Re-charting the present: feminist revision of canonical narratives by contemporary women writers
Crawford, Amy S.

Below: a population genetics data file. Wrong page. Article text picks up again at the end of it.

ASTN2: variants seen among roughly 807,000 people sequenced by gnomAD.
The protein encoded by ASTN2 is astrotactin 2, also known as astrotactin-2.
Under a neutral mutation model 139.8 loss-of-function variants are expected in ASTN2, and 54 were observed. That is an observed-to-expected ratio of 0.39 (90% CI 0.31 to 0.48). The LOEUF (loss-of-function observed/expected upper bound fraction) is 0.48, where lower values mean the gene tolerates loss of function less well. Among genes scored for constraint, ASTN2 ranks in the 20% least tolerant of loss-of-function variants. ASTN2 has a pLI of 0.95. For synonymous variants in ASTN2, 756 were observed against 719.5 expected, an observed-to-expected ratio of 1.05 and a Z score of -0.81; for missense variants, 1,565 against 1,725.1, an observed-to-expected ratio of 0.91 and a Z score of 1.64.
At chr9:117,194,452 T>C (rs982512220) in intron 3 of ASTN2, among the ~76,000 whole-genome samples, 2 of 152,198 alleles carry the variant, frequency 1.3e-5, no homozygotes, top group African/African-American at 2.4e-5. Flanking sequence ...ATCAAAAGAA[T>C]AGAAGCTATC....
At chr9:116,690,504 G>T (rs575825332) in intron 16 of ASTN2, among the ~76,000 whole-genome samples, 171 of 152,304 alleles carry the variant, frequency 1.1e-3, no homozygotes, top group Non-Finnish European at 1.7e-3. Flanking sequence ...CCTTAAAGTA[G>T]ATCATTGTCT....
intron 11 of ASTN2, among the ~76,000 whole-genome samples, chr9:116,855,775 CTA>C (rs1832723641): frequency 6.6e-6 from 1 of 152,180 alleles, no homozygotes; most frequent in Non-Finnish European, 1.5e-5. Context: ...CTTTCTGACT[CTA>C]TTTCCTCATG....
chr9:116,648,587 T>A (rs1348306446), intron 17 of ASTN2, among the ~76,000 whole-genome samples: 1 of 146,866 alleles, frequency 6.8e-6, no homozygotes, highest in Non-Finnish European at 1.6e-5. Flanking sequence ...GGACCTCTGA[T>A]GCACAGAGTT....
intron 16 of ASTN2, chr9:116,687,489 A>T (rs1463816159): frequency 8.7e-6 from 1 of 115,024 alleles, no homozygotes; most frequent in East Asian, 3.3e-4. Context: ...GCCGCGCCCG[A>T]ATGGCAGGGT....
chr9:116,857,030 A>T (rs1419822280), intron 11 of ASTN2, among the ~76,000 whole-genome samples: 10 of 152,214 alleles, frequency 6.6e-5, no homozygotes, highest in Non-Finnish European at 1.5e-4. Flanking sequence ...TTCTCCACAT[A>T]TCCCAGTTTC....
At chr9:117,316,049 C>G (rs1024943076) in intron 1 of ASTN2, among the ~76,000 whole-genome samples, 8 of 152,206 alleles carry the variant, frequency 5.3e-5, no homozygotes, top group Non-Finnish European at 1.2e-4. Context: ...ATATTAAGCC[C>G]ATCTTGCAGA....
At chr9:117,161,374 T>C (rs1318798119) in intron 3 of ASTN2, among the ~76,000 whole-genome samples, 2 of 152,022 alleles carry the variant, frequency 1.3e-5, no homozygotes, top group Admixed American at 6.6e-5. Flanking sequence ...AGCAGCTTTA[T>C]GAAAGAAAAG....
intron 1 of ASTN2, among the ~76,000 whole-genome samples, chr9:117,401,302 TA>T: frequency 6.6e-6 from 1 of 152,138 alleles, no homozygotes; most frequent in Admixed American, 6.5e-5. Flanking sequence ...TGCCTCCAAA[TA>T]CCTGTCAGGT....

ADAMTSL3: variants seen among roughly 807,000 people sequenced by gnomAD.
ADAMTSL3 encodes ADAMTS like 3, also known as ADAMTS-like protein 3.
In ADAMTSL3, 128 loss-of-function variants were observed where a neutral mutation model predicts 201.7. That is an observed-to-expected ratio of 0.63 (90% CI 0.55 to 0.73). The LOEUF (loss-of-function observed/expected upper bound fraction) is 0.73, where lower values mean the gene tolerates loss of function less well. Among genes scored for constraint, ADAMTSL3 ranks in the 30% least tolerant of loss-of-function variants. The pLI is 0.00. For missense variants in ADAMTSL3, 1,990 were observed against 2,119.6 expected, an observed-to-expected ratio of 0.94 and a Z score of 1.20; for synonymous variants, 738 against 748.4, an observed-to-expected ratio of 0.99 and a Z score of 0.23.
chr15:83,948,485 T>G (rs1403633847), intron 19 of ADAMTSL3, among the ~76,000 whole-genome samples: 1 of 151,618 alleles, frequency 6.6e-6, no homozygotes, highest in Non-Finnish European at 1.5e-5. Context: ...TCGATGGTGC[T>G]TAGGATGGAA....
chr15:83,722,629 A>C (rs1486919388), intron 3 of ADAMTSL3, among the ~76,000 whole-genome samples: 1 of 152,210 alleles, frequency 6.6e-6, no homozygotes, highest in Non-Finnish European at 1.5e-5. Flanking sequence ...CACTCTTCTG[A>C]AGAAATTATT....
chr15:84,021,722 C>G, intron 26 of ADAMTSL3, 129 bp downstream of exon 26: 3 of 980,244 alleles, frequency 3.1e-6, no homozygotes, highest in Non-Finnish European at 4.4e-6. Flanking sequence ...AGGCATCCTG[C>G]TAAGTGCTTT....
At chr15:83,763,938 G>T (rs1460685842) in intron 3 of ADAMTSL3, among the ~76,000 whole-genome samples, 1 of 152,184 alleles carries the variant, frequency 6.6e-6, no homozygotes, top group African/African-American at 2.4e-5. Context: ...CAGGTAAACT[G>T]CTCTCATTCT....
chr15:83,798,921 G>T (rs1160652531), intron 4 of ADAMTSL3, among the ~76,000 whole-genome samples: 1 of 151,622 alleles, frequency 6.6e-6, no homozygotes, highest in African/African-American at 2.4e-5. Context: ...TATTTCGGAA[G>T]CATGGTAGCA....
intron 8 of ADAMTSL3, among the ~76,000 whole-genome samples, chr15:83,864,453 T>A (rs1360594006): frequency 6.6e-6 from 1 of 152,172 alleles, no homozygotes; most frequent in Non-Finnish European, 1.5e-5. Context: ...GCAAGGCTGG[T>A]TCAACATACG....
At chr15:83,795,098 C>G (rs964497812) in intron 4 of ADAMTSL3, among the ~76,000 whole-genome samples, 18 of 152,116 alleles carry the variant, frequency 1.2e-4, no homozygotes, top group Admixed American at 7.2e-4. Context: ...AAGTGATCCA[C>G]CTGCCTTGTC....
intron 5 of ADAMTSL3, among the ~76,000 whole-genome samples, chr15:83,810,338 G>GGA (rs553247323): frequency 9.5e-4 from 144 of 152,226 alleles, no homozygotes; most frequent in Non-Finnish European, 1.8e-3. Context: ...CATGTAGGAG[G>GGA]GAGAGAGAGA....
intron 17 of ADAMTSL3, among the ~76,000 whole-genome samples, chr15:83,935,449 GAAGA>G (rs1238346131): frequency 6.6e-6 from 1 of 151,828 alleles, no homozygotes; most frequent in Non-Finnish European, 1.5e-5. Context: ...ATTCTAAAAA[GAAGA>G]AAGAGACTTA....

In this thesis, I explore the textual strategy of feminist revision employed by contemporary women writers. After investigating Jean Rhys’s Wide Sargasso Sea as a prototype of feminist revision, I focus specifically on Angela Carter’s “The Bloody Chamber” as a revision of Charles Perrault’s “Bluebeard,” Michèle Roberts’s The Book of Mrs Noah as a revision of the Old Testament Flood narrative, Margaret Atwood’s The Penelopiad as a revision of Homer’s Odyssey and the Troy narratives, and Ursula K. Le Guin’s Lavinia as a revision of Vergil’s Aeneid. Through investigating the historical and literary contexts of each revisioned text, I identify the critical focus of the revision and analyse the textual effect produced by the revision. In each case, the feminist revision exposes the underlying ideological assumptions of the source text. By rewriting the canonical narrative from an alternative perspective, each revision extends beyond the source text, altering meaning and reinterpreting key symbols for feminist ends.